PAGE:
We live in a technology-driven world. As great as it may seem to be one click away from having any product you can imagine delivered to your door, you could also be just one click away from being hacked.
Phishing in retail has increasingly become an issue; with retailers of all sizes becoming the targets of security breaches compromising thousands of consumers’ credit card information. Moreover, some businesses never recover from the expense and damage to their brands. Surprisingly, many retailers are not educated about phishing and what they can do to defend against these kinds of attacks. Here are answers to questions retailers need to know.
What is phishing?
Phishing is a malicious attempt by hackers to acquire sensitive information (usernames, passwords, credit card information, etc.) by fraudulently posing as a reputable person or business. For example, many phishing attempts involve a spoof email account that looks very similar to one you’d recognize—so instead of somecompany.com it may look like somecompanyinc.com. The change is minute enough to fly under the radar of the common user, and the user may unknowingly download a virus or handover valuable information that’s requested in the email.
What are the different types of phishing?
Phishing in retail may take different forms. In addition to spoofed emails, hackers may also direct victims to webpages where they pose as a credible business. They may invite users to take a survey, offering money in return. After completing the survey, victims enter their credit card information to receive the deposit.
Spear phishing is a more targeted attempt, where emails are sent to specific people within the company — like the CEO or an executive in the finance division. Hackers have become very sophisticated, researching the company and the target so the emails sound legitimate, increasing the likelihood that the victim will provide the information they request or click on the attachment.
Phishing in retail is enticing to hackers, because not only can they access company information, but all the consumer information from POS terminals, including credit card information.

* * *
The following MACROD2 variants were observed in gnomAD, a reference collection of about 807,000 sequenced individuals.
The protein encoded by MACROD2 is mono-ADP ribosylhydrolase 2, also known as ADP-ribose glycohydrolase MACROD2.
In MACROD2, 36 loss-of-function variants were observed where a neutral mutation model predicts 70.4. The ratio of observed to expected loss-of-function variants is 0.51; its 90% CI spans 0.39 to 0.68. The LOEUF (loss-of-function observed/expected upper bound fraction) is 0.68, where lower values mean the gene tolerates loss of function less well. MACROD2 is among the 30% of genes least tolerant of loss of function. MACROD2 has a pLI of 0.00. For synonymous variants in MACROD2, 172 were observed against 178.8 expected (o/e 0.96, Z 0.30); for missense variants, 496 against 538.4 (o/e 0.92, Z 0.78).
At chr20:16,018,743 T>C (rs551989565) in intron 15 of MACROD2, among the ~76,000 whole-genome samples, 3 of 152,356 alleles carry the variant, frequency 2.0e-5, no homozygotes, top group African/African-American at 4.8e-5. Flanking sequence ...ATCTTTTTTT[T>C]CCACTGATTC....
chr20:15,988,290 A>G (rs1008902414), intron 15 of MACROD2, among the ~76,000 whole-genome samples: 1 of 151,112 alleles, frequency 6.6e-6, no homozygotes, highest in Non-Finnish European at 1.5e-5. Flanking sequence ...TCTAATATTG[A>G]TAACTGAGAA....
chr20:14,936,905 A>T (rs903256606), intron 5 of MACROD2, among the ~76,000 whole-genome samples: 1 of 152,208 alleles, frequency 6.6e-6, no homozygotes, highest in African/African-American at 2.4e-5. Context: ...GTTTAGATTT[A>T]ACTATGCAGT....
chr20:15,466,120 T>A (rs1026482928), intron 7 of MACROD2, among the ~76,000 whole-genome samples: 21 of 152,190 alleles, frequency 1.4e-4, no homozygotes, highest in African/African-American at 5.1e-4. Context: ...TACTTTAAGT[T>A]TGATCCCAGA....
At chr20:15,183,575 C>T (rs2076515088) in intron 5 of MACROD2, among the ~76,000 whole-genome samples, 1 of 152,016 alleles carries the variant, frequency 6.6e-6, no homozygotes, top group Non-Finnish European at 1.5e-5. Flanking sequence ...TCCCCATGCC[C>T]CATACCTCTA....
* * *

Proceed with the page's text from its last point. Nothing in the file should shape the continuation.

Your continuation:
What is an example of phishing in retail?
One of the most memorable cases of phishing in retail stems from the 2013/2014 attack on Target. In this instance, hackers sent a phishing email to one of Target’s third-party contractors. They most likely found login credentials for the web portals used by the contractor, and then gained access to Target’s network, capturing the credit card information of over 110 million customers. Reports are that the incident cost Target over $1 billion.
Is my business susceptible?
There are only two types of retailers out there — those who have been the victims of phishing and those that don’t yet know they’ve been the victim of phishing. All businesses of all sizes are potential targets for phishing, and retailers need to implement strong security practices and solutions to defend against these attacks.
How do I prevent phishing attacks?
It’s important to implement technology like firewalls, spam filters, antivirus and antimalware, intrusion detection and prevention that safe guard your business from attackers. You should also follow Payment Card Industry Data Security Standards (PCI DSS) to monitor your network and keep it safe.
However, it’s equally important to educate employees on security practices to prevent hackers from breaching your defenses.
Simple things can make the difference. Ensure your employees know the following:
- Never open files or attachments from unknown senders.
- Never email personal of financial information — even if you believe that the intended recipient is secure.
- Beware of links in emails requesting personal or financial information.
- Beware of pop-ups requesting personal or financial information.
With these practices in place, you can better protect your business and consumers from the dangers of phishing in retail.